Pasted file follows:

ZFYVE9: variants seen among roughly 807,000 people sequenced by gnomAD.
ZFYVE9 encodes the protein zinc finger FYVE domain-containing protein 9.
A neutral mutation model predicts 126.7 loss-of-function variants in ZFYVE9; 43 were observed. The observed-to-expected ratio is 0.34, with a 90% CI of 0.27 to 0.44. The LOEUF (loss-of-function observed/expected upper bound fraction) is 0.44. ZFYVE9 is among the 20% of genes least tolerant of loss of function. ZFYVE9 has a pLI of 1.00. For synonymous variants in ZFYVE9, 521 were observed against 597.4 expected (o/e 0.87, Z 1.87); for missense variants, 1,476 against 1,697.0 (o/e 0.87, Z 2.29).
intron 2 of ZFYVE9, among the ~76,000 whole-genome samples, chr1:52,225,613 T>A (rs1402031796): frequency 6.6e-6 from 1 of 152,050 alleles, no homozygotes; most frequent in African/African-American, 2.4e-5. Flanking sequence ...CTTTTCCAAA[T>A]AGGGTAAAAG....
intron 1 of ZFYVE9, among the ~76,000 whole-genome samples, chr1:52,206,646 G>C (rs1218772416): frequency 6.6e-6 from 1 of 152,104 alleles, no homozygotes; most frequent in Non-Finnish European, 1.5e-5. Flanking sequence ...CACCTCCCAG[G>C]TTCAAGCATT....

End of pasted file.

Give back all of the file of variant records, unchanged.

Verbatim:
ZFYVE9: variants seen among roughly 807,000 people sequenced by gnomAD.
ZFYVE9 encodes the protein zinc finger FYVE domain-containing protein 9.
A neutral mutation model predicts 126.7 loss-of-function variants in ZFYVE9; 43 were observed. The observed-to-expected ratio is 0.34, with a 90% CI of 0.27 to 0.44. The LOEUF (loss-of-function observed/expected upper bound fraction) is 0.44. ZFYVE9 is among the 20% of genes least tolerant of loss of function. ZFYVE9 has a pLI of 1.00. For synonymous variants in ZFYVE9, 521 were observed against 597.4 expected (o/e 0.87, Z 1.87); for missense variants, 1,476 against 1,697.0 (o/e 0.87, Z 2.29).
intron 2 of ZFYVE9, among the ~76,000 whole-genome samples, chr1:52,225,613 T>A (rs1402031796): frequency 6.6e-6 from 1 of 152,050 alleles, no homozygotes; most frequent in African/African-American, 2.4e-5. Flanking sequence ...CTTTTCCAAA[T>A]AGGGTAAAAG....
intron 1 of ZFYVE9, among the ~76,000 whole-genome samples, chr1:52,206,646 G>C (rs1218772416): frequency 6.6e-6 from 1 of 152,104 alleles, no homozygotes; most frequent in Non-Finnish European, 1.5e-5. Flanking sequence ...CACCTCCCAG[G>C]TTCAAGCATT....